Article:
The municipal administration of Hanoi, the capital and second largest city of Vietnam with eight million inhabitants, has approved a plan to re-install or restart the loudspeaker network of the city streets. Loudspeakers were installed in the 1960s and 1970s when they were used to communicate related announcements and alarms to the war against South Vietnam and the United States. According to the projects they should be used to communicate with the population, as already happened during the two years of the pandemic in the case of those still active.
The plan overturns a 2017 decision, when the then mayor Nguyen Duc Chung announced the dismantling of the network, which had “completed its historic mission.” This opinion also seems to be shared by the majority of the citizens of Hanoi: in a recent poll they said they were against (over 70 per cent) when the loudspeaker communications return to full capacity.
Hanoi is a particularly noisy city due to traffic, numerous construction sites and in general a high population density. Loudspeakers are considered a further, anachronistic and annoying source of noise pollution. But the city administration, and the National Communist Party (which would be the main inspirer of the measure), see loudspeakers as a reliable and affordable way to communicate with a broad audience.
The speaker system, i loa phuong, was installed in the sixties and during the war it was used to announce possible air raids, to communicate optimistic news from the front, to consolidate the patriotic spirit. After the final withdrawal of the Americans, they continued to be used for behavior advice, patriotic songs, warnings to those who were late in paying taxes, government and local communications. Le Dung, columnist for the Vietnamese newspaper VnExpress he remembers that even in recent times the programming included two sessions of almost an hour, “at 5.30 in the morning and at 5 in the afternoon, times when it was impossible to talk at home, if you lived near a loudspeaker”.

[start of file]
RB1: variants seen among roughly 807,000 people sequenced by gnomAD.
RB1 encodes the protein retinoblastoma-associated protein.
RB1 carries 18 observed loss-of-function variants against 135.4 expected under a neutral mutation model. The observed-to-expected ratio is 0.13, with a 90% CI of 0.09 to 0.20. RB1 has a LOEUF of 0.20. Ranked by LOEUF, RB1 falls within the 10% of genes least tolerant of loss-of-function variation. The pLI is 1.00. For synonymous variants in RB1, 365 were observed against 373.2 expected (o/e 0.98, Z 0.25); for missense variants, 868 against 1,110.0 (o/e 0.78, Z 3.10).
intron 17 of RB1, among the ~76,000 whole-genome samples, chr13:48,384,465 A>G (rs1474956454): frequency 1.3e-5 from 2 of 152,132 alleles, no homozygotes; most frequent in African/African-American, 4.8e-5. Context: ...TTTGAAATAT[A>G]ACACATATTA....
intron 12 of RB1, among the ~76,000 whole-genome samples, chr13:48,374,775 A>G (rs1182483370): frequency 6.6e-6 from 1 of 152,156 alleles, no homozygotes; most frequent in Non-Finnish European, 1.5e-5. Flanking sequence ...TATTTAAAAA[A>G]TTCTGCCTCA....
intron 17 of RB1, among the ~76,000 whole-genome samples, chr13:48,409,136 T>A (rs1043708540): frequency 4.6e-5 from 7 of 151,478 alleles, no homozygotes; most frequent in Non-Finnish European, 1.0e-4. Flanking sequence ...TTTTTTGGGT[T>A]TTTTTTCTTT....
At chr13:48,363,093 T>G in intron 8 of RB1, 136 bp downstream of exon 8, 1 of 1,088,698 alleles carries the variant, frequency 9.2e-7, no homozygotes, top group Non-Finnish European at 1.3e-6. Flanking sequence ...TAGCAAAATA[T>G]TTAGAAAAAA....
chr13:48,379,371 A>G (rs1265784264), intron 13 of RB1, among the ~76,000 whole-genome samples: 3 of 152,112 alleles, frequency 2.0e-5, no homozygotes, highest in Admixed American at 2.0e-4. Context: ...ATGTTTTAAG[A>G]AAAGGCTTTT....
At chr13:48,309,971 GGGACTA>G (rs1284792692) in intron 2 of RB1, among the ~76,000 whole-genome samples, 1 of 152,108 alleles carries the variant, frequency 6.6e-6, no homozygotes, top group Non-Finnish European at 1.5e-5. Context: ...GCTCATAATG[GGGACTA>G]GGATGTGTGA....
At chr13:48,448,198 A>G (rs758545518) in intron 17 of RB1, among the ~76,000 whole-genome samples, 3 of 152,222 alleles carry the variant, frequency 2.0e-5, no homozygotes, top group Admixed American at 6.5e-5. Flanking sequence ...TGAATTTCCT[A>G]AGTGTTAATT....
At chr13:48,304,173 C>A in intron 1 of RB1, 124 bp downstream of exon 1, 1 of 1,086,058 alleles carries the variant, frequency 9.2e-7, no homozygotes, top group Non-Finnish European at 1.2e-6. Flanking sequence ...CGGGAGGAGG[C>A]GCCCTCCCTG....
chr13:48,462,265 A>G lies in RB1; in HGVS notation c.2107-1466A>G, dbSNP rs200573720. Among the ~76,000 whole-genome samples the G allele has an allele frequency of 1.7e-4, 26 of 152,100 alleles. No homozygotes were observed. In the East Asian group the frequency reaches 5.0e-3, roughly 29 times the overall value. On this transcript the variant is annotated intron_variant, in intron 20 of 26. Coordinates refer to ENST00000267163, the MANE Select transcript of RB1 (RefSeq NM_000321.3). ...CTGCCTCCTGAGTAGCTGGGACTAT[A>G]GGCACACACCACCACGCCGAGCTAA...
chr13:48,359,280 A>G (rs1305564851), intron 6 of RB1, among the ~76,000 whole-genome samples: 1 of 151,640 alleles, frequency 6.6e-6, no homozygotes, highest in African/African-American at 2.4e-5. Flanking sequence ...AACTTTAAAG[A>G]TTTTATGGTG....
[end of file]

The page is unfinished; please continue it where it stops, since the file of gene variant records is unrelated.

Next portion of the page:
In recent years, there had been reports of sabotage, with the cutting of the connections to the electricity grid, or the positioning of the loudspeaker upwards, so that it would collect rainwater and be unusable. In 2017 their complete disposal was announced, but during the years of the pandemic and in particular during the lockdown they returned to being used: they spread messages to remind you to wear masks and respect the distancing, but also motivational songs recorded specifically.
The project of the new mayor of Hanoi Tran Sy Thanh, elected in July with 100 per cent of the votes of the Hanoi People’s Committee, is to put the existing loudspeakers back into operation and install a new network to cover the entire city by 2025: the choice was met with surprise and strong criticism, also considering the existence in every district of the Vietnamese capital of chats and groups of online information through which the same communications could be made. In recent years, announcements of temporary blackouts or the need to proceed with the vaccination campaign have been made with text messages on cell phones.
Loudspeakers could be used as a tool to spread continuous propaganda messages, as well as to increase the power and control of local authorities and neighborhood political structures.
Even in Myanmar, another country in Southeast Asia, the military junta he re-proposed some propaganda tools that seemed outdatedalongside the spread of fake news and disinformation on social media: in some regions less reached by internet connections, it has launched flyers containing messages against the opposition from helicopters and military aircraft.
Even Vietnam, which with nearly 100 million inhabitants is one of the fifteen most populous states in the world, is a dictatorship despite elections: it is one of the few remaining single-party states in the world, dominated by the Vietnamese Communist Party. Elections are not free and the National Assembly, in any case, has very limited powers. Freedoms of expression and opinion are officially guaranteed by the country’s constitution, but have no real application.
– Read also: The elections in Vietnam, with only one party
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The return of loudspeakers to the streets of Hanoi – Il Post
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